Discovery CEO David Zaslav (Image: CNBC)

Only in Hollywood could a deal that sees a new player created out of two existing groups be pictured as a big, bold, dramatic…

Forget the multibillion-dollar loss by one company, tens of billions of dollars in debt, some of the best known global brands (Netflix, Apple, Amazon, Disney) as the off-screen “baddies” to the plucky new contender, a string of looming job losses (including the CEO of one of the companies who wasn’t told about the sale and merger plans) and the winner is: the highest paid executive in US media who is set to earn a billion US dollars by the time a six-year contract to run the new company ends in 2027.

In every big deal, attention focuses on one person: the dealmaker, adviser, banker or CEO. In the case of the US$43 billion sale of Warner by AT&T and the merger with Discovery, it’s Discovery’s CEO David Zaslav.

Zaslav is already a legend in US business and media as perhaps the most highly paid executive (outside some family owners like the Redstones at ViacomCBS or the Murdochs at News Corp/Fox Corp). Discovery floated on Wall Street in 2007, and by the end of 2020 Zaslav had been paid a total of US$690 million (A$886 million) in cash, shares, options and other benefits. That’s an average of more than US$53 a year, or US$1 million a week. (More on that later.)

Now he has to merge Warner Media with Discovery, which is said will be a US$150 billion company in the making (a massive US$55 billion in debt will make sure of that estimate). It will be all about streaming video and building enough subscribers to be able to chase Netflix, Disney, Amazon and Apple into the future of films, TV and everything else.

The merged company will have close to 80 million subscribers through several streams — a long way behind Disney (103 million at the end of March), Netflix (208 million at the same time) and close to 200 million between Amazon (through its Prime service to customers) and Apple through its 1.5 billion customer base. Neither giant releases its streaming customer numbers.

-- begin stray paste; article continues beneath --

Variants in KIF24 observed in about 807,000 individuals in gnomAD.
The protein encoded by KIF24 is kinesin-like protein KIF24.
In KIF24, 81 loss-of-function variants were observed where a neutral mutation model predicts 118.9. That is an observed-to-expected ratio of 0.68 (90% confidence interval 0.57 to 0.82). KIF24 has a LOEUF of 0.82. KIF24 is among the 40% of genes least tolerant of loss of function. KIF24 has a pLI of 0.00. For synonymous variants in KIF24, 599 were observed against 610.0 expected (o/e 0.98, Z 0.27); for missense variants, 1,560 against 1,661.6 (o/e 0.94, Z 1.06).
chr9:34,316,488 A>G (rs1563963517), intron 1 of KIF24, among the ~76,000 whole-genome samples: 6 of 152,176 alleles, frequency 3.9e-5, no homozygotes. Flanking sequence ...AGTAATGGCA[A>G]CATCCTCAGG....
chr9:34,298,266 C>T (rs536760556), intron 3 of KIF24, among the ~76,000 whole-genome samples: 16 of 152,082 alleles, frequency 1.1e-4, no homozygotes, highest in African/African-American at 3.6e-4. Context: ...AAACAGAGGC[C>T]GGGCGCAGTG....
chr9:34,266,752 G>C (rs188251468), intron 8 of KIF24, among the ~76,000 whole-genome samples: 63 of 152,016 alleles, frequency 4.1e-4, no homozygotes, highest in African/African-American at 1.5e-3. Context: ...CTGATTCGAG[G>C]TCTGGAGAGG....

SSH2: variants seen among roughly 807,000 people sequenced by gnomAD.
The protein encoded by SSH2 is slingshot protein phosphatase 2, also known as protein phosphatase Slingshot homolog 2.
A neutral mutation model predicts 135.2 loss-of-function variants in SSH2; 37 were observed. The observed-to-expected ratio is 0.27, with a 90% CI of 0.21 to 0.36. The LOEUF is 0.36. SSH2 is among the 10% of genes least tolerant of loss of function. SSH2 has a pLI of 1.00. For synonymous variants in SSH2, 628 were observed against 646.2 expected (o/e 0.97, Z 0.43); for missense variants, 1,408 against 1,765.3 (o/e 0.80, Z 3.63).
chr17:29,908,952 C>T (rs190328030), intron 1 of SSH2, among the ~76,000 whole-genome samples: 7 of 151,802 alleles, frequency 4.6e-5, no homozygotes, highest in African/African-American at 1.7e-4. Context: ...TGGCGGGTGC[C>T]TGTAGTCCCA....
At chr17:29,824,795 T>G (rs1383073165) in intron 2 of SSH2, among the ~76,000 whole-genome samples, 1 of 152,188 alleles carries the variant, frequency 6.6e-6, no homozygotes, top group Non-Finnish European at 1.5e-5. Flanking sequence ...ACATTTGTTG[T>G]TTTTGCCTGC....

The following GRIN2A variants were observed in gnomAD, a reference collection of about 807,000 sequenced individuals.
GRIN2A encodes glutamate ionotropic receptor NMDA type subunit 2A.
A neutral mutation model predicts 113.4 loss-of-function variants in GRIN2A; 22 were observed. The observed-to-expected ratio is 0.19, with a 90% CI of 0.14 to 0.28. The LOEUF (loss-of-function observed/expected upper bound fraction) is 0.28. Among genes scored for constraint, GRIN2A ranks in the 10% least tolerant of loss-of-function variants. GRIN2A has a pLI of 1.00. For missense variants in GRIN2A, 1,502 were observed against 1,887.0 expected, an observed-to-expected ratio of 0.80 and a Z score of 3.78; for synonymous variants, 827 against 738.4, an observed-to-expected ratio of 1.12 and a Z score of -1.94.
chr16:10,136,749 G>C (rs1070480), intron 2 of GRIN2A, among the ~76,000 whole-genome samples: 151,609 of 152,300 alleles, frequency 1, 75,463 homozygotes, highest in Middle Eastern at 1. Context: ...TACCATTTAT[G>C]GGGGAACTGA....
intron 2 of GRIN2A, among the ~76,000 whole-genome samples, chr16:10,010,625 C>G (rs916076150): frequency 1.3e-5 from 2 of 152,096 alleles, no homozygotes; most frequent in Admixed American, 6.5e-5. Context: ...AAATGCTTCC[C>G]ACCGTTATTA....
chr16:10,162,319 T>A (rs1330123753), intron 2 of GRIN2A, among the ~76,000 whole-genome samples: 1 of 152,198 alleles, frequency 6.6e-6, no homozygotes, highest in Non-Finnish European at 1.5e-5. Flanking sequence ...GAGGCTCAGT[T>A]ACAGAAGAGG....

It’s a typical media story: everything new is great again. Wasteful AT&T spends US$134 billion buying Warner and loses more than half that (while boosting debt to US$155 billion) getting rid of DirecTV in February for about US$16 billion in cash and securities to buyout group TPG. Now its getting rid of Warner for US$43 million in cash, shares and the value of debt Warner will hang on to (hence that US$55 billion millstone for the new company).

In all deals there’s a winner and a new sun king, and in this case it’s Zaslav.

His appointment as CEO of the new company has raised eyebrows among some AT&T investors and Warner employees. AT&T shareholders will own 71% of the company; Discovery shareholder will control 29%. And with US$3 billion in “synergies” on the table, Warner staff know (after two big whacks by the incompetents at AT&T) they are in the firing line, not their counterparts at Discovery.

But Zaslav has chopped before to make the US$14.6 billion Scripps takeover work from 2018 and into 2019, and will do the same again in this final gig.

He has been paid for results and growth at Discovery — from just US$2.2 million in 2007 his pay has soared and slid (relative to the peaks). The most eye-catching amounts were US$156 million in 2014 and US$128 million in 2018. Industry reports suggest they related to contract renewals. In his second year, 2008, he earned US$8 million.

On Tuesday his contract was extended to 2027 when he will be 68. Old owners (such as Murdoch and the late Sumner Redstone) are allowed to go past retirement age; old CEOs rarely do so. So if he earns his yearly average of US$53 million up to 2027, that’s another US$370 million or thereabouts to pocket which will boost his gross to more than a billion US dollars. Ka-ching!